- Lost in Space (1965) [TV Series]
Review: Lost In Space: Volume Three
3.5 / 5 Stars
Following the success of "The Fantasy Worlds of Irwin Allen" boxed-set GNP Crescendo opted for a seventh volume, a third volume of music from "Lost in Space." Showcasing the scores "The Derelict" by Hans J. Salter, Herman Stein & Richard LaSalle, "My Friend Mr. Nobody" by John 'Johnny' Williams, and an unused second season 'Main Title' by Warren Barker, the disc is an appropriately spacey collection of music from the series."The Derelict" combines consonance with dissonance and everything in-between. But the effect, coupled with the episodic nature of broadcast television scoring, is surely an acquired taste. It is an interesting score and very skilled, but much of it is not the sort of music one might care to hear repeatedly. Screeching horns, wandering motifs, jolly marches, and shrill woodwinds interfused in a more (dare I say it?) romanticized backdrop make for moods that are not always as unified from one creative perspective as they could be, perhaps the result of having three composers plus the inclusion of Williams' first season 'Main Titles' & other themes. Nevertheless, it is an engaging listen that rightly speaks not only for the episode but also for itself. "My Friend Mr. Nobody" is a consistent score demonstrating that the composer does in fact know how to write a full score for an orchestra containing less than 80 pieces. This portion of the disc is its pinnacle, representative of many of the best things about "Lost in Space." The music furthermore possesses several of the qualities John Williams aficionados know and love, such as skipping flute passages, rolling cello, Herrmann-esque violins, and especially Williams' trademark brass writing. It is generally a darkly flavored composition, brightened by some playfully melodic elements and a thrilling building intensity indicative of the composer's able work. The underscore then finishes with the first season's 'End Credit.'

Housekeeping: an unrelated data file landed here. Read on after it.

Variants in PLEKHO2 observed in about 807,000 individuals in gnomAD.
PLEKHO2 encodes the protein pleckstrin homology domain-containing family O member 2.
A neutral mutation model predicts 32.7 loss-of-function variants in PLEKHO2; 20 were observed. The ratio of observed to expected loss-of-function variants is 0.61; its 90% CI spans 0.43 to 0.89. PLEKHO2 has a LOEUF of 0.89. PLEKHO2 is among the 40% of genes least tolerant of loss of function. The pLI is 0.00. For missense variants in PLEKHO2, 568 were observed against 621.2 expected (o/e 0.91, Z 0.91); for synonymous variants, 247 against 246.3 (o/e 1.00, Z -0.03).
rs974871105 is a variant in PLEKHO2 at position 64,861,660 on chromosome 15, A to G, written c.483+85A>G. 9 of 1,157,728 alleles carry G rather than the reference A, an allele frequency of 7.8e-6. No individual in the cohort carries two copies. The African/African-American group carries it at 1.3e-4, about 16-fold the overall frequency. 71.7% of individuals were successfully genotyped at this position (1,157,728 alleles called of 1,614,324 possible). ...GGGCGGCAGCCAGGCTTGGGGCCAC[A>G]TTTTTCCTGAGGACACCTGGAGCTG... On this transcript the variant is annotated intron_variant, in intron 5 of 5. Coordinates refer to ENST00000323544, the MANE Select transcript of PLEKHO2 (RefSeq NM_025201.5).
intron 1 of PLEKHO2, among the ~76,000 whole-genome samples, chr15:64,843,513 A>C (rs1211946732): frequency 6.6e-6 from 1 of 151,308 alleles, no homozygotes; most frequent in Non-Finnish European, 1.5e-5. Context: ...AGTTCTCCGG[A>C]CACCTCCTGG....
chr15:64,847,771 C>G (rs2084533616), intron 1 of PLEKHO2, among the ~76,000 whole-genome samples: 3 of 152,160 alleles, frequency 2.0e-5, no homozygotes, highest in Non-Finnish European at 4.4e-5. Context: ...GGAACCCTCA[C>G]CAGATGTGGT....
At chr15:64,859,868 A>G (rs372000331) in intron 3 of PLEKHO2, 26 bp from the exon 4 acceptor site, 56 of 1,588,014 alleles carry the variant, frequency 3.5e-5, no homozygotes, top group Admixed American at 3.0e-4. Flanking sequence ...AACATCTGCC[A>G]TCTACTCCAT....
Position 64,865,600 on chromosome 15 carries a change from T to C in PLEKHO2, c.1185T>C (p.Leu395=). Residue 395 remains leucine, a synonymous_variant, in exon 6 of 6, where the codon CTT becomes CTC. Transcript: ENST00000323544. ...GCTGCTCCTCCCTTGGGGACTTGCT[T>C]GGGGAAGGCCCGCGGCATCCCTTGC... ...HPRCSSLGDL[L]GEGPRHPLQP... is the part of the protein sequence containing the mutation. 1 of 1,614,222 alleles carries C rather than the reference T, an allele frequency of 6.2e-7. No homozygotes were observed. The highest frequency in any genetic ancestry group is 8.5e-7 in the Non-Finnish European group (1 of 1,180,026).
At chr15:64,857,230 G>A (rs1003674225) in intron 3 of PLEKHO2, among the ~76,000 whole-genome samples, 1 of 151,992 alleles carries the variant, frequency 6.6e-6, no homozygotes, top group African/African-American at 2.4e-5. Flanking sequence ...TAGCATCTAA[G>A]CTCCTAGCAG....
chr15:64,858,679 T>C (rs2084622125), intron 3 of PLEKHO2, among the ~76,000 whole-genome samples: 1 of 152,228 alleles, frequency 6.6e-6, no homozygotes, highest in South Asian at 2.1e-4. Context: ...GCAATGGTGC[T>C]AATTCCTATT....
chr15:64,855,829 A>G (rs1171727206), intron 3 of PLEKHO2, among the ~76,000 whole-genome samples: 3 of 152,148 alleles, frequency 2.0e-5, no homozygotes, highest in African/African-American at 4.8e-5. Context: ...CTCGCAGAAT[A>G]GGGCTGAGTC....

The music ends with the understandably rejected theme for the second season... Barker offers musical jokiness so out of place that the Robinson family no longer seems quite as lost. (My copy of the disc also has an unlisted final track containing what I assume is a variation on John Cage's "Four Minutes, Thirty-Three Seconds.")
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